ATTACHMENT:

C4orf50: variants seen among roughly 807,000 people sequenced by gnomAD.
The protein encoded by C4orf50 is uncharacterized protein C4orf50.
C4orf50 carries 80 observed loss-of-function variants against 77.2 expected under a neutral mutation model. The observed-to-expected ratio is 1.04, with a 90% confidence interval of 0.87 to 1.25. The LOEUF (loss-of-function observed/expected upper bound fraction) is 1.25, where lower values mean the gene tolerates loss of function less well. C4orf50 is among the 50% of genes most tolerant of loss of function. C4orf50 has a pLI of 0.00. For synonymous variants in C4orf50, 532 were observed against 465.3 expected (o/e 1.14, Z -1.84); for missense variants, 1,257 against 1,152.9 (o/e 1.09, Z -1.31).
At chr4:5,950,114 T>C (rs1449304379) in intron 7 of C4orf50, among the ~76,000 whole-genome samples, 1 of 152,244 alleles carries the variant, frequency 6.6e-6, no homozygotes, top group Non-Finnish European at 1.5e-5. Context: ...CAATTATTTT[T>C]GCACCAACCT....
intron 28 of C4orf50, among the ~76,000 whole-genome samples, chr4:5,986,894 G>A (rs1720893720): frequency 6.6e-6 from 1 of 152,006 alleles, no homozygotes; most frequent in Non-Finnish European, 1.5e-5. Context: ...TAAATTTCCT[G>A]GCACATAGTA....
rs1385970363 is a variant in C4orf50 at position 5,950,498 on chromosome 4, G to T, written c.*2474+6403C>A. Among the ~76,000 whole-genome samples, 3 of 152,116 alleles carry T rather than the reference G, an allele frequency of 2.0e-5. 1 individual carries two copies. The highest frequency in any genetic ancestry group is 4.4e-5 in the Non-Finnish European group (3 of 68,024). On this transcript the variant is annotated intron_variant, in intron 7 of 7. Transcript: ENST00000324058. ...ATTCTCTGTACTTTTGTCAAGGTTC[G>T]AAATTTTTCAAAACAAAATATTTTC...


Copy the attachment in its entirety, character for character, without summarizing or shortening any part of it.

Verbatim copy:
C4orf50: variants seen among roughly 807,000 people sequenced by gnomAD.
The protein encoded by C4orf50 is uncharacterized protein C4orf50.
C4orf50 carries 80 observed loss-of-function variants against 77.2 expected under a neutral mutation model. The observed-to-expected ratio is 1.04, with a 90% confidence interval of 0.87 to 1.25. The LOEUF (loss-of-function observed/expected upper bound fraction) is 1.25, where lower values mean the gene tolerates loss of function less well. C4orf50 is among the 50% of genes most tolerant of loss of function. C4orf50 has a pLI of 0.00. For synonymous variants in C4orf50, 532 were observed against 465.3 expected (o/e 1.14, Z -1.84); for missense variants, 1,257 against 1,152.9 (o/e 1.09, Z -1.31).
At chr4:5,950,114 T>C (rs1449304379) in intron 7 of C4orf50, among the ~76,000 whole-genome samples, 1 of 152,244 alleles carries the variant, frequency 6.6e-6, no homozygotes, top group Non-Finnish European at 1.5e-5. Context: ...CAATTATTTT[T>C]GCACCAACCT....
intron 28 of C4orf50, among the ~76,000 whole-genome samples, chr4:5,986,894 G>A (rs1720893720): frequency 6.6e-6 from 1 of 152,006 alleles, no homozygotes; most frequent in Non-Finnish European, 1.5e-5. Context: ...TAAATTTCCT[G>A]GCACATAGTA....
rs1385970363 is a variant in C4orf50 at position 5,950,498 on chromosome 4, G to T, written c.*2474+6403C>A. Among the ~76,000 whole-genome samples, 3 of 152,116 alleles carry T rather than the reference G, an allele frequency of 2.0e-5. 1 individual carries two copies. The highest frequency in any genetic ancestry group is 4.4e-5 in the Non-Finnish European group (3 of 68,024). On this transcript the variant is annotated intron_variant, in intron 7 of 7. Transcript: ENST00000324058. ...ATTCTCTGTACTTTTGTCAAGGTTC[G>T]AAATTTTTCAAAACAAAATATTTTC...